MOSCOW (AFP) - A Russian traveller and photographer captured by Syrian rebels in the city of Aleppo in 2013 has been freed and returned home three years later, Russia's FSB security service said on Friday (Oct 14).
Konstantin Zhuravlev "has been returned to Russian soil" after being "abducted in northern Syria by an armed group and forcibly held for three years," the FSB said in a statement.
The Islamist group Liwa al-Tawhid seized Zhuravlev on Sept 30, 2013, in Syria's second city Aleppo, Russian news agencies reported at the time.
Liwa al-Tawhid was one of the most powerful factions in Aleppo province early in the uprising. It merged in 2013 with Ahrar al-Sham and Jaish al-Islam to form the Islamic Front, whose role in the conflict is now unclear.
Russia has been flying a bombing campaign in Syria in support of the regime of Bashar al-Assad for the past year.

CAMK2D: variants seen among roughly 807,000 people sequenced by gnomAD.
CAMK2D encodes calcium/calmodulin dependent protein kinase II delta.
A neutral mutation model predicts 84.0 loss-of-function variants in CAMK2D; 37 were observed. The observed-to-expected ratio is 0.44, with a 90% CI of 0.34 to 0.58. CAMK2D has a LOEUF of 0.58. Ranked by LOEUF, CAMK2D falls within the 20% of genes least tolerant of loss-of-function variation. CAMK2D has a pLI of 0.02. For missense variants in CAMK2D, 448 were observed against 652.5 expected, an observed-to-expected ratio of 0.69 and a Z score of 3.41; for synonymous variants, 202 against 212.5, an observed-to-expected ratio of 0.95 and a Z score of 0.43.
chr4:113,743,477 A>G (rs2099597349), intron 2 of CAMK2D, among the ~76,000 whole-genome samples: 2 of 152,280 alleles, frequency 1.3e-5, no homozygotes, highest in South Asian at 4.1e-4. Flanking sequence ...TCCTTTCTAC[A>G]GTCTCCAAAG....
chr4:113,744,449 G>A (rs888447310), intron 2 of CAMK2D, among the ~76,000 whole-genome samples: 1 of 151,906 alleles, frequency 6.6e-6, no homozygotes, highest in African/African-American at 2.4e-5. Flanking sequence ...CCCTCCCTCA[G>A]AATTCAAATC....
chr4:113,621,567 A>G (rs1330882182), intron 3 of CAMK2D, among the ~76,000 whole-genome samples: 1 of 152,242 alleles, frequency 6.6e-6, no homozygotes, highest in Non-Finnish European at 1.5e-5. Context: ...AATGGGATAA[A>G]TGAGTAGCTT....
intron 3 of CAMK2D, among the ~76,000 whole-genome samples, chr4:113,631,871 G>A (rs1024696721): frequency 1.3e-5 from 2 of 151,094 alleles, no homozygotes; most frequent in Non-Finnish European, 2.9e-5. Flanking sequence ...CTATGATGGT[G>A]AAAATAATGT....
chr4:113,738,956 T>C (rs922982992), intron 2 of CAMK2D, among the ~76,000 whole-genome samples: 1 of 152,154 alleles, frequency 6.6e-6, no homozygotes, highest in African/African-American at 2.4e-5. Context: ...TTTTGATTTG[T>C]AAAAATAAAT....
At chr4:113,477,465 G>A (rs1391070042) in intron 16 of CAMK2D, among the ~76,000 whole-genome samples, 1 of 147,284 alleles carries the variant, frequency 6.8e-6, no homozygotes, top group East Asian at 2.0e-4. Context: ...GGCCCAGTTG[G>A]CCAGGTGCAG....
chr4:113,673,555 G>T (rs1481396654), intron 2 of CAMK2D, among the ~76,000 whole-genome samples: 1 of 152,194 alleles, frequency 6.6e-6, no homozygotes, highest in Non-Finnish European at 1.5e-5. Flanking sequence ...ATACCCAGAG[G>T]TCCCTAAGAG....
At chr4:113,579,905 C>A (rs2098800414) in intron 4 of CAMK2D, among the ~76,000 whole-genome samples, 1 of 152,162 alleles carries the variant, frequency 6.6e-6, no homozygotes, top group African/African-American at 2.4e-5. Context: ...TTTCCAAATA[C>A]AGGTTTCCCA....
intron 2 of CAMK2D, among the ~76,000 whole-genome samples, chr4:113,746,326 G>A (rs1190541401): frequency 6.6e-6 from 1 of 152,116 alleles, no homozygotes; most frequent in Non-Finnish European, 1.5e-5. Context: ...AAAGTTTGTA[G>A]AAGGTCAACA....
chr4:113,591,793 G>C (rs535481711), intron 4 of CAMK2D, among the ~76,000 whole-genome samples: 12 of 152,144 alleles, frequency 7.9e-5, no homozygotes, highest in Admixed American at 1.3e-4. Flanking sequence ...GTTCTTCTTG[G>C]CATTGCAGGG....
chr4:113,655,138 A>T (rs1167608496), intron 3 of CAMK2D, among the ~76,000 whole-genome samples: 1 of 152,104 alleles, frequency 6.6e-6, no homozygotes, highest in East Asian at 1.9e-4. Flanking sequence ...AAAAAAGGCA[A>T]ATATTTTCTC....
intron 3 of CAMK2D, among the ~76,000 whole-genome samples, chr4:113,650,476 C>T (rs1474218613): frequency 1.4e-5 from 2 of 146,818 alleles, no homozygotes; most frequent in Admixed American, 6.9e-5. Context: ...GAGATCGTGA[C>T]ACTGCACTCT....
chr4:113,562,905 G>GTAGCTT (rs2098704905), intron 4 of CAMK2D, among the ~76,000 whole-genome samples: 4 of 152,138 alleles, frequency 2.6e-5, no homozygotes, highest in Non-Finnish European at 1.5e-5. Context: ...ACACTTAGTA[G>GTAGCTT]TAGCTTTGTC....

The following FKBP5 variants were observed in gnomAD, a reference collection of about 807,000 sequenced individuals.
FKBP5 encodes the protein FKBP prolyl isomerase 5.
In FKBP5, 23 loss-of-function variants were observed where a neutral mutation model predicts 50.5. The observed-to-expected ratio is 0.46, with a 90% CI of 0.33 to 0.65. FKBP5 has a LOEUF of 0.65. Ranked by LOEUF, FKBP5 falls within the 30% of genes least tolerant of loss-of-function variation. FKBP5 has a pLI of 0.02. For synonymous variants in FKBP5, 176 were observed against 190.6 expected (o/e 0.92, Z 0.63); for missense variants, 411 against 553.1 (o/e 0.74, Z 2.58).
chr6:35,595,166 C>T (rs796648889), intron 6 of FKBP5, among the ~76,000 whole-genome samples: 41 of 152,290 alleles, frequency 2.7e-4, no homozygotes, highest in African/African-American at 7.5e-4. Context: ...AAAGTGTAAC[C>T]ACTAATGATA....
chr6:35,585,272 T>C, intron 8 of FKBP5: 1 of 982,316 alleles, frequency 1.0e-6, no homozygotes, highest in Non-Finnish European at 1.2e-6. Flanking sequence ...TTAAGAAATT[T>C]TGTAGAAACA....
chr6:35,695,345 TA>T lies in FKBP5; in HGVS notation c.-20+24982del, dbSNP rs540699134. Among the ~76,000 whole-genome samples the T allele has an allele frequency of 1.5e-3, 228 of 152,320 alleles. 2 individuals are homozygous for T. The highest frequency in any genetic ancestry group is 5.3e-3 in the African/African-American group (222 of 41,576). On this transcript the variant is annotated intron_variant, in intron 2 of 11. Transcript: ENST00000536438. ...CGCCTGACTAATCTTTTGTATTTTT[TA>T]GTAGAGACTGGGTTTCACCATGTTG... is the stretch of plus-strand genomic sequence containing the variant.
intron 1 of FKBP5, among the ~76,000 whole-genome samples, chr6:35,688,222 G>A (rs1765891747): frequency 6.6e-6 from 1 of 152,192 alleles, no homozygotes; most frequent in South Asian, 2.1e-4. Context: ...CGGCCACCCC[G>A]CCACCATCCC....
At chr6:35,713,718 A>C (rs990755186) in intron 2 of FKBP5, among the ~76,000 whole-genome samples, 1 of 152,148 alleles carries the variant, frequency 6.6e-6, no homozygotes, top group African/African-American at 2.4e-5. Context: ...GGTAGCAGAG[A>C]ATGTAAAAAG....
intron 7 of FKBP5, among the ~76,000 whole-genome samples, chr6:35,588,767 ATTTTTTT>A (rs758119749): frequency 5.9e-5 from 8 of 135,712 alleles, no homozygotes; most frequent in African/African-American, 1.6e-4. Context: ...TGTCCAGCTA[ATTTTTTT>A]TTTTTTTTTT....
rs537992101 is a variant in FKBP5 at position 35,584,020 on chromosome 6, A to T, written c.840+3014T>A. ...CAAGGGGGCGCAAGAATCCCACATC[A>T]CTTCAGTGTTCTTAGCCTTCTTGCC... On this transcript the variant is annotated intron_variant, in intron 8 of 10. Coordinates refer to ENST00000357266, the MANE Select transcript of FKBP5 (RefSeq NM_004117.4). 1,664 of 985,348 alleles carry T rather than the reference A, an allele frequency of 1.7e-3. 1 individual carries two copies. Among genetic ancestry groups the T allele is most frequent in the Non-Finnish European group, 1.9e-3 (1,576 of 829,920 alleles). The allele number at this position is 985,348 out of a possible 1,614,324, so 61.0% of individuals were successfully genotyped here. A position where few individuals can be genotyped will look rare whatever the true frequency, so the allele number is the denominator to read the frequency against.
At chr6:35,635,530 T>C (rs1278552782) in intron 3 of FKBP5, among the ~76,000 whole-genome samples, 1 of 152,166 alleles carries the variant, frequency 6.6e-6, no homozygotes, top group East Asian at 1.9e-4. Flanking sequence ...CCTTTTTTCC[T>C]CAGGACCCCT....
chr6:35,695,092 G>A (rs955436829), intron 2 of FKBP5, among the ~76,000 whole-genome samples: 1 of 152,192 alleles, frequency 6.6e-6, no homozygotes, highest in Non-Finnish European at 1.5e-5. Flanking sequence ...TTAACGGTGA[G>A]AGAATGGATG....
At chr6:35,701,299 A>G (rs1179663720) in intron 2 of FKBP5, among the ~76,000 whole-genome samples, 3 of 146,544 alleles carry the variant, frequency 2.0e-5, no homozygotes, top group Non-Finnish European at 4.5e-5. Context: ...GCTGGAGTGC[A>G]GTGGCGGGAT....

Its airpower is currently backing up a fierce government assault on rebel-held eastern Aleppo that has sparked accusations from the West of potential war crimes.
Zhuravlev, who was 32 when captured, had hitchhiked from Siberia and entered Syria via Turkey.
He was thought to be travelling through Syria en route to the Sahara desert, where he planned to spend 21 days alone "face-to-face with the desert", according to Tass news agency.
Zhuravlev is a photographer and experienced traveller, who toured the world for 777 days between June 2010 and August 2012.
He was able to communicate with his mother via Skype in 2014 in footage aired on television, telling her that his captors had threatened to kill him unless the Russian government took action in his case.